Meditation is an ideal way to pray. Using God's word (Lectio Divina) allows me to hear, listen and reflect on what the Lord wants to say to me - to one of his disciples - just like He did two thousand years ago.
The best time to reflect is at the beginning of the day and for at least 15 to 30 minutes.
Prior to going to sleep, read the Mass readings for the next day and then, in the morning, reflect on the Meditation offered on this website.
I hope these daily meditations allow you to know, love and imitate the Lord in a more meaningful way.
God bless you!


Tuesday, March 31, 2015

Jn 13:21-33,36-38 That "Duh DUN Duh DUN" moment

Tuesday of Holy Week
(Click here for readings)

By FR ALFONSE NAZZARO

Jesus was deeply troubled and testified, "Amen, amen, I say to you, one of you will betray me."  ...Simon Peter said to him, "...I will lay down my life for you." Jesus answered, "Will you lay down your life for me? Amen, amen, I say to you, the cock will not crow before you deny me three times."

The demon of acedia. Acedia is defined as "a state of restlessness and inability either to work or to pray."  It is an awful combination of weariness, sadness, and a lack of purposefulness.  It robs a person of his/her joy.  This condition was sometimes found among monks and other ascetics who maintained a solitary life.

Is this what Jesus experienced on the night He was betrayed?  Not at all.  But I suspect Peter did, somewhat, specifically when he could not keep watch - keep his eyes open - for an hour.

The disciples appeared to be in a daze after the Lord explained to them the brutal fact that one of their own would betray Him.  How can this be?  Surely it isn't I, Lord?  What is He talking about?  Judas must have left to buy some food.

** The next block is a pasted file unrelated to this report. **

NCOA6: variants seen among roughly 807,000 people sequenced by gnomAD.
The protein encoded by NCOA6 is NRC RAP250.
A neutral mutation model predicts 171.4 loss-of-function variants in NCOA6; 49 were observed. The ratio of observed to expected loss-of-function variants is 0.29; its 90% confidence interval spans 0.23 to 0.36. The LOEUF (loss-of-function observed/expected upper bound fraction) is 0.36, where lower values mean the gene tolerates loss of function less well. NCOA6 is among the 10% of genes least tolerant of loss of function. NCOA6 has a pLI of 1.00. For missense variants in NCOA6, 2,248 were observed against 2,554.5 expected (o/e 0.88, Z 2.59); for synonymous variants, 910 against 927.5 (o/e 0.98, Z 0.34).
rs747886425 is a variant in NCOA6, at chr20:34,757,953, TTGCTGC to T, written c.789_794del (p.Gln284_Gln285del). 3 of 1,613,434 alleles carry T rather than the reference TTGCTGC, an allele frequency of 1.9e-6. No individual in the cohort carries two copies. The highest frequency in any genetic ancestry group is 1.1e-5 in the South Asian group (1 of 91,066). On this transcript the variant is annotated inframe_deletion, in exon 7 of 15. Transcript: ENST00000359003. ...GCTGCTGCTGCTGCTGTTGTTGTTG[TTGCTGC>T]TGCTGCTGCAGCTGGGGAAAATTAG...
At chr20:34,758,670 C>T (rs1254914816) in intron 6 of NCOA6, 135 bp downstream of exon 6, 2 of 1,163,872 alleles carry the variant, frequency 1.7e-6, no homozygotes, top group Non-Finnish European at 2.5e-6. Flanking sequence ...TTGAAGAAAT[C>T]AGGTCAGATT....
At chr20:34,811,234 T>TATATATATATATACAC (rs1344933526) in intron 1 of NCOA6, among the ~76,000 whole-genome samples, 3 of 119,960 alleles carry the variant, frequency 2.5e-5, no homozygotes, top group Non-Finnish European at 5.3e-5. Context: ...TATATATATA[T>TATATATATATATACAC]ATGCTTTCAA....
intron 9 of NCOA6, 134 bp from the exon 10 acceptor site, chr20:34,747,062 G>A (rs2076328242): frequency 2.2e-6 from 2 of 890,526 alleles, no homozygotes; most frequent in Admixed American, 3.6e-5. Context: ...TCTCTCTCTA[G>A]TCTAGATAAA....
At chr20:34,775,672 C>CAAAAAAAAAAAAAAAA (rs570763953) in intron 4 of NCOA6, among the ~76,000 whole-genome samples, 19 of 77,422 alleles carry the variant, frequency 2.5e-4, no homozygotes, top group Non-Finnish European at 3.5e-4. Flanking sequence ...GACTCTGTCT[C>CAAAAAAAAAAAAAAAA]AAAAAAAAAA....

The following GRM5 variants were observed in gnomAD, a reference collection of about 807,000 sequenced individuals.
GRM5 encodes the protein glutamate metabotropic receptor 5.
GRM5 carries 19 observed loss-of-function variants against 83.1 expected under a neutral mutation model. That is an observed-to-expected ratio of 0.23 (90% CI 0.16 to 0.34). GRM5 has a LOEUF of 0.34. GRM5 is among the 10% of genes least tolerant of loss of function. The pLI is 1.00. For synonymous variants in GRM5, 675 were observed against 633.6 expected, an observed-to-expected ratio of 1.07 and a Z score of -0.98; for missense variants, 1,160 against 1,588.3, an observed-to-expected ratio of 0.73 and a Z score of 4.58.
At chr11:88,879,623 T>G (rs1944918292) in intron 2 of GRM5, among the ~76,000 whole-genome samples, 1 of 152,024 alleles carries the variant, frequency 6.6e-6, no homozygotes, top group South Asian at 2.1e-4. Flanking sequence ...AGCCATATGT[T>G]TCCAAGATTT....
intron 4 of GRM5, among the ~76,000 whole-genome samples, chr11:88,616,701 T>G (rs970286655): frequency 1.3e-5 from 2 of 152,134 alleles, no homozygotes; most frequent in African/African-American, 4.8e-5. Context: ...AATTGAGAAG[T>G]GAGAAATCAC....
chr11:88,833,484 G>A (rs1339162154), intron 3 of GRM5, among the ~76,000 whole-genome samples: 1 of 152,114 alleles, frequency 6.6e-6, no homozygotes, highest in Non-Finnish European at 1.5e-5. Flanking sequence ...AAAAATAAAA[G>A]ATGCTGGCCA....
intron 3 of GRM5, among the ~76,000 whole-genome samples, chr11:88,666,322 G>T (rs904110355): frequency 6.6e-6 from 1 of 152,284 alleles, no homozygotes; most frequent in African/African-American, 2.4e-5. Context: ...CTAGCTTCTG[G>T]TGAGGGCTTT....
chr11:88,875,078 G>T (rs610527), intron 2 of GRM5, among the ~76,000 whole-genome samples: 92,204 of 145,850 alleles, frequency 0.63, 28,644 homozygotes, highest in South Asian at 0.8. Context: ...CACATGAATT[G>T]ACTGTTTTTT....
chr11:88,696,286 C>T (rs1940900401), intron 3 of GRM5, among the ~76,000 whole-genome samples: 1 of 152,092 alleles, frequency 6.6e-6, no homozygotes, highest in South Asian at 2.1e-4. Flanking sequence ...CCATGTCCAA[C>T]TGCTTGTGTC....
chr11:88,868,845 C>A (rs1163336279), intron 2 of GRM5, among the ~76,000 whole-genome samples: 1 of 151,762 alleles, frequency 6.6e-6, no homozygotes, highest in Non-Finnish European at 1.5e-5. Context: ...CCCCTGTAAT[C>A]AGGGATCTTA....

They became lifeless, speechless, and listless, as if life had been sucked (or punched) out of them.  They may even have been walking and pacing up and down.  Can we blame them?  After all, their lives were about to be turned upside down and emptied of all they knew; that is the meaning and purpose they had acquired through Jesus Christ. 

What would the world think of them?  Would they be considered disciples or simple buffoons?  We know what the Pharisees, the pillars of Judaism, thought of them as they were actively hunting them down to destroy them.  No longer would they be considered friends or fishermen, but criminals and enemies of the state.

They went numb.

Do I feel blah? Do I feel lost? Like nobody cares?  Have I lost the joy and excitement of living? 

The Duh DUN Duh DUN moment!  I love the movies!  I really do.  I love to go watch an exciting movie with an awesome middle part.  I can watch a movie and enjoy one with a fair beginning and ending, but I can't enjoy a movie with a lousy middle part, for middle part is where things or people come together to shatter; where the music switches from C major to C minor; and where the lights have been turned off!